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THE TEMPLE AND THE BODY (VACHANA) - Class 10 1st Language English Textbook Solutions



II. About Basavanna

Basavanna  was  a  12th-century  Indian  philosopher, statesman, Kannada poet in the Shiva-focussed Bhakti movement  and  a  social  reformer  during  the  reign  of the  Kalachuri-dynasty  king  Bijjala  I  in  Karnataka, India.  The Basavarajadevara ragale (13 out of 25 sections are available)  by  the  Kannada  poet  Harihara  (c.1180)  is the  earliest  available  account  on  the  life  of  the  social reformer  and  is  considered  important  because  the author  was  a  near  contemporary  of  his  protagonist.[6] A full account of Basava's life and ideas are narrated in a  13th-century  sacred  Telugu  text  of  the  south  Indian Hindu  Lingayat  community,  the  Basava  purana  by Palkuriki Somanatha.  Basavanna spread social awareness through his poetry, popularly  known  as  Vachanaas.  Basava  rejected gender  or  social  discrimination,  superstitions  and rituals  such  as  the  wearing  of  sacred  thread,  but introduced  Ishtalinga  necklace,  with  an  image  of  the Shiva  Liá¹…ga,  to  every  person  regardless  of  his  or  her birth, to be a constant reminder of one's bhakti to  Shiva.  As  the  chief  minister  of  his  kingdom,  he introduced  new  public  institutions  such  as  the Anubhava  Mantapa  (or,  the  "hall  of  spiritual experience"),  which  welcomed  men  and  women  from all  socio-economic  backgrounds  to  discuss  spiritual and mundane questions of life, in open.  The  traditional  legends  and  hagiographic  texts  state Basava  to  be  the  founder  of  the  Lingayats.  However, modern scholarship  relying  on  historical  evidence  such  as  the  Kalachuri inscriptions state that Basava was the poet philosopher who revived, refined and energized an already existing tradition.  Basavanna literary works include the Vachana Sahitya in  Kannada  Language.  He  is  also  known  as Bhaktibhandari  (literally,  the  treasurer  of  devotion), Basavanna  (elder  brother  Basava)  or  Basaveswara (Lord Basava).

VI. Question & Answers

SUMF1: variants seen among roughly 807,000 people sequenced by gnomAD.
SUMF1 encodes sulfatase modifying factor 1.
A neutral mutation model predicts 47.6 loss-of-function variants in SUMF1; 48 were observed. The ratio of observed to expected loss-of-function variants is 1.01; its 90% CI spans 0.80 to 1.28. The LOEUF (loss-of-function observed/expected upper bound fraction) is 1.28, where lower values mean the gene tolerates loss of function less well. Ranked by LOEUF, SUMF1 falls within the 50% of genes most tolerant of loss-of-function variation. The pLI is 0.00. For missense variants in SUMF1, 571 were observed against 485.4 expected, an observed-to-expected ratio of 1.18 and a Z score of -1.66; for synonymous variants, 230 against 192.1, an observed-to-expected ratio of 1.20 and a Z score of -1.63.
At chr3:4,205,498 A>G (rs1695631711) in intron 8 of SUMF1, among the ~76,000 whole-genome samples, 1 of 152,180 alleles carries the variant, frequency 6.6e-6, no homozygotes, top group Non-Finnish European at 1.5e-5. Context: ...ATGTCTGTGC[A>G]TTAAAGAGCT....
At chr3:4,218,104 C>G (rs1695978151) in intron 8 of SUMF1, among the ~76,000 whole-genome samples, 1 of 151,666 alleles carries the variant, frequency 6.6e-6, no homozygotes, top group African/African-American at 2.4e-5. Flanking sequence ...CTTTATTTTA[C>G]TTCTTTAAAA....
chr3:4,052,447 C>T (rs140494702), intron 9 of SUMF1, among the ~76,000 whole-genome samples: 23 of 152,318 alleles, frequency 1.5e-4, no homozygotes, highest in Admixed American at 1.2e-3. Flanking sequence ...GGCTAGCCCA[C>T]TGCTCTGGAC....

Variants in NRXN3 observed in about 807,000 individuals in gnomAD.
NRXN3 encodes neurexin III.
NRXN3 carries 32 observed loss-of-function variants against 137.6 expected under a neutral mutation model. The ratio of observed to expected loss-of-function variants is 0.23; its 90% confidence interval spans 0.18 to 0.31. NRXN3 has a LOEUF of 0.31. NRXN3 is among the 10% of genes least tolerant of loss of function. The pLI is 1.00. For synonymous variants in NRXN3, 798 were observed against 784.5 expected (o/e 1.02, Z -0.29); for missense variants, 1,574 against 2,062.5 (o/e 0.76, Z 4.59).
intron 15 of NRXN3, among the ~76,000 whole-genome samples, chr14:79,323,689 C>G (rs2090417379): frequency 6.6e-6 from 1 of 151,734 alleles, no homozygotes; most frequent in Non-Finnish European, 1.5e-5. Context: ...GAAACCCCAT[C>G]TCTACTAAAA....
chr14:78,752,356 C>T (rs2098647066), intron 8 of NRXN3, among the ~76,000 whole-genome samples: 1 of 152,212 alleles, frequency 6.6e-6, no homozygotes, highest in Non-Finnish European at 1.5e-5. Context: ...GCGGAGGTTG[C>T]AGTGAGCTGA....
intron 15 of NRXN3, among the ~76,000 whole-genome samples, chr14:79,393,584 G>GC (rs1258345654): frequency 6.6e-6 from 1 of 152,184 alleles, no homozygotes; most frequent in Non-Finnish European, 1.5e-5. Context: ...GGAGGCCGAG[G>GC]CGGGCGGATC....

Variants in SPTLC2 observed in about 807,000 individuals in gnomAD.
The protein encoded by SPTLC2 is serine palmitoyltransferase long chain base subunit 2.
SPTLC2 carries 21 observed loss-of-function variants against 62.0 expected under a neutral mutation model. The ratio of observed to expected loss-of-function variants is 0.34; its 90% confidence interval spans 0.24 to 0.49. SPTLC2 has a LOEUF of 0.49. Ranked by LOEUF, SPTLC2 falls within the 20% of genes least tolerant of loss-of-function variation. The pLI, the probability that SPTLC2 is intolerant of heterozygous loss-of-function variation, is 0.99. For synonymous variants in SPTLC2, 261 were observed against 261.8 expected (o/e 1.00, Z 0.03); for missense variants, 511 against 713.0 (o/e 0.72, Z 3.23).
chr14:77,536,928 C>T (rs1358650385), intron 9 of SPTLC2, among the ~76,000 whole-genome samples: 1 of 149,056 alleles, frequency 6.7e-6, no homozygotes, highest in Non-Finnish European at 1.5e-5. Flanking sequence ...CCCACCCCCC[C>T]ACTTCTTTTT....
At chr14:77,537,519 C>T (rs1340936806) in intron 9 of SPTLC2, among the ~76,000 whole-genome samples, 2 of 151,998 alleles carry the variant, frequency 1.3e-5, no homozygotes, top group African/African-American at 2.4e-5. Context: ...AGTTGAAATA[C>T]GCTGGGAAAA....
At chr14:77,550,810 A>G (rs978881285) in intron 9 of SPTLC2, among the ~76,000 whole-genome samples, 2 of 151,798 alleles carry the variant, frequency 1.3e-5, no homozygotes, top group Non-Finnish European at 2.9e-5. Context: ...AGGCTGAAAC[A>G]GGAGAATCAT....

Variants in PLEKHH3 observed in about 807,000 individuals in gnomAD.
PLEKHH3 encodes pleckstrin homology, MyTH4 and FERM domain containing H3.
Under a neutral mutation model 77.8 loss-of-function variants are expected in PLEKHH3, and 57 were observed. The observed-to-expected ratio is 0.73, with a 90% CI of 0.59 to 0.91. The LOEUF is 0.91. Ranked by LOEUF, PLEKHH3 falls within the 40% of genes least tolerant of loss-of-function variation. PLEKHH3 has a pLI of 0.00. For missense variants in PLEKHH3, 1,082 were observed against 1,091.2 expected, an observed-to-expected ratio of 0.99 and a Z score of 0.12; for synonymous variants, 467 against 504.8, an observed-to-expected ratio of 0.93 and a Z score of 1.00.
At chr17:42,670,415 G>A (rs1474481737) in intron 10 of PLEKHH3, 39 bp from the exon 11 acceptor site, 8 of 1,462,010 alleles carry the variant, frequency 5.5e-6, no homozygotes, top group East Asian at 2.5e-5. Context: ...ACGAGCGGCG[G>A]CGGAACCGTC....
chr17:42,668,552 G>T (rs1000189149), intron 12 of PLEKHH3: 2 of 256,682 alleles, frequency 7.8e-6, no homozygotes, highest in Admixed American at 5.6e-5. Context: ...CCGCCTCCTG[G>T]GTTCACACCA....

1. The lines The rich / will make a temple for Siva', implies that  
a. they want to please the Lord.  
b. they can afford to build temples  
c. they believe that this is how they can serve God  
d.  they  believe  that  the  temple  is  the  only  place  to feel the presence of God.  
Ans: -
(c) they  believe that this  is  how they can serve God.   

2. Which of the following statements are true?  
a. the speaker is against building any structures for worshiping God  
b. it's not possible for the speaker to build a temple.  
c.  it's  only  an  excuse  given  by  the  speaker  for  not being able to build a temple.  
d.  the  speaker  believes  that  God  is  present  within ourselves and not in any temple.  
-  (d)  the  speaker  believes  that  God  is  present within ourselves and not in any temple.  

3. What are the feelings of the speaker, suggested in the question, "what shall I, a poor man, do?"
a. helplessness       
b. doubt  
c. humility         
d. anger  
e. pride         
f. anguish.  
Ans: -
(f) anguish  

4. The word 'Listen' in the last stanza is  
a. an order        
b. an appeal  
c. a request  
d. an advice  
Ans: -
(d) an advice   

5. The expression Things Standing', suggests  
a. any man-made temple  b. anybody who is standing  
c. anything which is static
d. the human body  
Ans: -
(c) anything which is static.  

6.  There  are  two  examples  of  paradox  in  the  last two  lines  (A  paradox  is  a  statement  containing opposite ideas)  
a)  What  opposite  ideas  are  suggested  in  'things standing shall fall'?  
Ans: -
Things standing shall fall' can be interpreted in various  ways.  The  poet  laments  his  inability  to  build temples;  hence the  phrase  can  refer  to  temples  which are  subject  to  nature's  fury  and  destruction  over  a period of time. It can also refer to pride and arrogance which can make a person stand erect in front of God when  he  should  be  bowing  before  Him.  It  may  also mean  that  static  objects  that  are  moved  by  piety  and devotion are subject to destruction and decay while the heart  that is  filled  with  devotion  is  blessed  and becomes immortal.   

b)  What  opposite  ideas  are  suggested  in  '  the moving shall ever stay'?  
Ans:  - 
The  moving  shall  ever  stay'  —  this  phrase  too can  be  interpreted  in  many  ways.  The  'moving',  i.e., the human  heart which  is a  'moving temple' cannot be destroyed  by  nature's  fury  unlike  a  temple  that  can  be damaged  easily  by  nature,  'the  moving'  can  also  refer to  humble  beings  who  are  swayed  by  devotion  and move  according  to  God's  will  unlike  the  'static'  that stand erect against God's wishes and get destroyed.  

7. What final message do the last two lines convey?
Ans:  -
  The  poet  is  consoling  himself  that  the  temple which he would never be able to construct, would any day  be destroyed, whereas the  'moving temple' that he carries  in  his  heart would  be  immortal and  intact.  The lines can also mean that the one who 'stands' in front of God without bowing down to Him, will surely  'fall' or be destroyed, whereas 'the moving', the one who bows down  in  front of  Him  and  acts  according  to  His  wish, would  stay  ever.  The  poet  finds  consolation  in  his modest circumstances and his devotion to God.
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